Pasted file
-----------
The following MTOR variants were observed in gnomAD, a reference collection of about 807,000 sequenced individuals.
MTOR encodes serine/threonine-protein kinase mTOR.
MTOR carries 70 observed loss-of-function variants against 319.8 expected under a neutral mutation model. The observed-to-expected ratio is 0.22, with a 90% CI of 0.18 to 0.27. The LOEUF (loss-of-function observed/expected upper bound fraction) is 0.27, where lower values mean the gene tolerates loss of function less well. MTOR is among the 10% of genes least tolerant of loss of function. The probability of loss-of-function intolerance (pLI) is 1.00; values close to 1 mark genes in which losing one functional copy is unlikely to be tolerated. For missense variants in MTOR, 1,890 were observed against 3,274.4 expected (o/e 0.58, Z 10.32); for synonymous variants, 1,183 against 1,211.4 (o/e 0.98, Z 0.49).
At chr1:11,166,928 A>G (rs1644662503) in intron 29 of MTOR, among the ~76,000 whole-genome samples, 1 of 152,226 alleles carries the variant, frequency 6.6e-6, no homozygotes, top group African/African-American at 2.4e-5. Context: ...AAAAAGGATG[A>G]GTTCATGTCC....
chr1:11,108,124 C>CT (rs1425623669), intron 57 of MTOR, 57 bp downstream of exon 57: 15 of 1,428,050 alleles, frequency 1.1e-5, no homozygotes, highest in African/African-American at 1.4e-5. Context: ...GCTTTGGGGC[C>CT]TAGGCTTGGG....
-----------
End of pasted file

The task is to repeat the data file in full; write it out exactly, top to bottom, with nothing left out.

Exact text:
The following MTOR variants were observed in gnomAD, a reference collection of about 807,000 sequenced individuals.
MTOR encodes serine/threonine-protein kinase mTOR.
MTOR carries 70 observed loss-of-function variants against 319.8 expected under a neutral mutation model. The observed-to-expected ratio is 0.22, with a 90% CI of 0.18 to 0.27. The LOEUF (loss-of-function observed/expected upper bound fraction) is 0.27, where lower values mean the gene tolerates loss of function less well. MTOR is among the 10% of genes least tolerant of loss of function. The probability of loss-of-function intolerance (pLI) is 1.00; values close to 1 mark genes in which losing one functional copy is unlikely to be tolerated. For missense variants in MTOR, 1,890 were observed against 3,274.4 expected (o/e 0.58, Z 10.32); for synonymous variants, 1,183 against 1,211.4 (o/e 0.98, Z 0.49).
At chr1:11,166,928 A>G (rs1644662503) in intron 29 of MTOR, among the ~76,000 whole-genome samples, 1 of 152,226 alleles carries the variant, frequency 6.6e-6, no homozygotes, top group African/African-American at 2.4e-5. Context: ...AAAAAGGATG[A>G]GTTCATGTCC....
chr1:11,108,124 C>CT (rs1425623669), intron 57 of MTOR, 57 bp downstream of exon 57: 15 of 1,428,050 alleles, frequency 1.1e-5, no homozygotes, highest in African/African-American at 1.4e-5. Context: ...GCTTTGGGGC[C>CT]TAGGCTTGGG....